Circle Records RK 16177/5
Circle Records, Aachener Str 60/62, 5000 Koln, Germany
Dedicated to Martin Luther King
I’m honoured to be invited to join the contributors to one of the most interesting blogs around. I’ve just managed to get hold of a copy of James Newton and David Murray’s Solomon’s Sons , so I thought I’d start off with this one. It’s one of the final records I needed to complete my David Murray collection. (I’m still missing Live at Peace Church and Sur-Real Saxophone, if anyone has copies they want to sell at a reasonable price). If you’ve read any of my blog entries on Murray, you’ll know I like the detail. Hope there’s not too much here.
James Newton Flute
David Murray Alto and Tenor Saxophone
Monk’s Notice (James Newton) duo 13:29
The Dean (James Newton) flute solo 6:47
Theme For The Kidd (David Murray) duo 9:05
3D Family (David Murray) sax solo 7:09
Solomon’s Sons (James Newton) duo 9:05
Recorded in live at the Smudge Pot, Claremont, California on January 16th 1977
Recorded by Bruce Bidlack
Produced by Rudolf Kreis
Recordings of three duo performances and a solo each for two reunited musicians back where they started playing: Claremont, California. By this point Murray had become the darling of the loft jazz scene in New York, as well as a regular feature on the European festival circuit. Murray tended to work in a quartet setting in the late 1970s, and so along with a couple of solo recordings, it’s interesting to hear Murray work in such a challenging context.
The album is credited to Newton and Murray, and the inverse alphabetical order suggests Newton had the key role here. Nevertheless Murray plays an equal role in the playing and composition stakes. Murray worked with Newton on three further recordings that I am aware of: a 1995 release of recordings made under Jon Jang’s leadership (Two Flowers on Stem); a jointly led quintet CD released in 1996; and a1998 work with Guadeloupian musicians (Creole)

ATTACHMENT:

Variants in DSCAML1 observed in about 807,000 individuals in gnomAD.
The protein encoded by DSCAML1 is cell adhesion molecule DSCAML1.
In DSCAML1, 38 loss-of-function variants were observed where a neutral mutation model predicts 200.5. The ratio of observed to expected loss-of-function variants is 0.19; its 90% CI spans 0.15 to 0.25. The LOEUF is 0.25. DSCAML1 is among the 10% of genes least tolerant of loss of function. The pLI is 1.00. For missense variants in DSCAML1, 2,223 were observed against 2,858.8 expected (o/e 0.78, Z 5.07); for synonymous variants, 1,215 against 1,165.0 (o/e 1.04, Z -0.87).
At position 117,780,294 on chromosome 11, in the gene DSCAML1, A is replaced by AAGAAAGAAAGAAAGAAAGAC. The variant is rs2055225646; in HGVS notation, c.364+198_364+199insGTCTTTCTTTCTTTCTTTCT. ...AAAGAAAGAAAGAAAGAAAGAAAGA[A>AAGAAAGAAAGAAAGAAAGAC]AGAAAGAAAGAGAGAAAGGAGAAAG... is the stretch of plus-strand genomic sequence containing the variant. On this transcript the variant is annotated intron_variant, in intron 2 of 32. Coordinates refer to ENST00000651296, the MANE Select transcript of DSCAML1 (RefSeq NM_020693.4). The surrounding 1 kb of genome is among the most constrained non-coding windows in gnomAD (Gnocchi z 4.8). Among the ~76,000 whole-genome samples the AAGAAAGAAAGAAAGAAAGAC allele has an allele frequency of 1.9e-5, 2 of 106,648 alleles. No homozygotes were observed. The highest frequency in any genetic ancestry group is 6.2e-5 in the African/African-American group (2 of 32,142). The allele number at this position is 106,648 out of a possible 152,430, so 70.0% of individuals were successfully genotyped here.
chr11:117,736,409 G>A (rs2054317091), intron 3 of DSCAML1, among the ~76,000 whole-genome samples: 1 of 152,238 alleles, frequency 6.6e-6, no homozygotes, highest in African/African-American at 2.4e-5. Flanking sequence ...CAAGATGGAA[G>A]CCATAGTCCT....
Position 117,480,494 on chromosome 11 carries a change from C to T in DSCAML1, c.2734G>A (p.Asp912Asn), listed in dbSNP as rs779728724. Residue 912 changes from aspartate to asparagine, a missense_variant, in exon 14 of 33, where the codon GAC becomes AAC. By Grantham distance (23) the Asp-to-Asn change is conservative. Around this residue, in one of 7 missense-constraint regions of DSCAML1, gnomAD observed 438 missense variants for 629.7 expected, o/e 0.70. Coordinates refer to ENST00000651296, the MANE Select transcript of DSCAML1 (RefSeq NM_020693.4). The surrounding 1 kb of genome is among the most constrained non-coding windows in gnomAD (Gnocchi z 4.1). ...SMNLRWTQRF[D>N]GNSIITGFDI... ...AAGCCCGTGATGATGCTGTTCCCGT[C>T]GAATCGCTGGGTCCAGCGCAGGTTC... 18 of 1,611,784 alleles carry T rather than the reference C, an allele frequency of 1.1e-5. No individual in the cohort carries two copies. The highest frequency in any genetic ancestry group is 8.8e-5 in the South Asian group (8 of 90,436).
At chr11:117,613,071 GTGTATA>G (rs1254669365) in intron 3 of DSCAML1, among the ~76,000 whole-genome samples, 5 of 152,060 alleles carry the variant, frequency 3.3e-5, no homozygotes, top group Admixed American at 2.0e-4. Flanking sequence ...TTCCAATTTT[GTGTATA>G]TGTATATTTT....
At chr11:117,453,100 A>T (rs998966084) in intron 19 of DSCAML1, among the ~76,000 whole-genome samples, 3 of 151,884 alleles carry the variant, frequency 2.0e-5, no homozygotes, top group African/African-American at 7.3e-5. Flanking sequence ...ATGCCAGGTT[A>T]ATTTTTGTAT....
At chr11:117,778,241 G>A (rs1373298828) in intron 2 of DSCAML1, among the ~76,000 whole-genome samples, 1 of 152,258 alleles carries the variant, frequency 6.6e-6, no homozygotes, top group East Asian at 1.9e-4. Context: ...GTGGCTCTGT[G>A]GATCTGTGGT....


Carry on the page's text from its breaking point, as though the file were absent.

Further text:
Two note-worthy asides of interest to Murray fans. First, the album credits suggest he plays both alto and tenor on this recording. Although I think I’ll need a couple more listens to spot where he uses the smaller horn, the back cover photo shows both in evidence. Second, although not noted on the cover, Newton’s 'The Dean' is dedicated in the live announcement to Stanley Crouch. It’s certainly possible to draw the conclusion that ‘The Dean’ was a the affectionate name for Crouch who, as a staff member at Pomona College (where Murray studied), became a mentor for many black musicians involved in the local black arts movement.
The associations of this recording with Murray’s past and future resonate particularly strongly in one track. This was also the first time '3D Family' was recorded; although he returned to the theme on three further occasions in 1978, ‘81 and ‘90. The importance of the composition to Murray is apparent in the 1978 release where he makes it the title track and dedicates it to (I think) his father Walter P Murray. When Murray Jnr moved to Paris he took the title as the name for his production company. Murray also recorded Newton’s 'Monk’s Notice' almost exactly a year later on Last of the Hipman.
31 December 2007
27 December 2007
Hope you are all fully recovered from the excesses of Christmas (though I guess there are always some who go carry on non-stop into early January, may their livers stand up to the punishment!).
This post is a radio recording from 1968, probably an old mono AM broadcast, predating FM. Certainly there are a few crackles and pops on it, but hopefully not enough to spoil your enjoyment. my thanks to ricola for seeding.
Live at Jazztage Berlin,
Philharmonie Berlin, Germany, 1968-11-08
Joe Farrell ts, ss,
Jimmy Garrison b,
Elvin Jones dr.
1. Reza 17:05
2. Gingerbread Boy 3:58
3. Softly as in the morning sunrise 14:37
4. Sweet Little Maia (inc) 3:40
Some excellent soloing from all three artists, though sadly, the 40 year recording quality does not quite do justify to Garrison's flamenco-style solo. Judging by the brevity of the concert, I guess this was only one set from the whole concert, chosen by the radio station.
This post is dedicated to gimir, a good friend to this blog, who once pee'd alongside the great man.
Wishing you all a Happy New Year.
Links in comments as usual.
17 December 2007
16 December 2007
April 12, 2002
01 intro 0.55
01 intro 01.13
Audience recording, but the sound quality is very good.
This is definitlely one to savour over the Christmas holiday, so send the wife and kids out shopping with the mother-in-law, fill your glass, put another log on the fire and enjoy.
New visitors to this blog should search back to find the fantastic post that sotise put up a while ago - "Duplicity", which features Konitz in a duo with another great pianist, Martial Solal
Links are in the comments (mp3 and flac). My thanks to gchrisnick for seeding.
12 December 2007
DSteve Lacy Quintet
Maison De Radio France
October 17, 1976
Steve Lacy - ss
Derek Bailey - g
Irene Aebi - cello,v,voc
Kent Carter - b,cello,harp
Noel McGhie - dr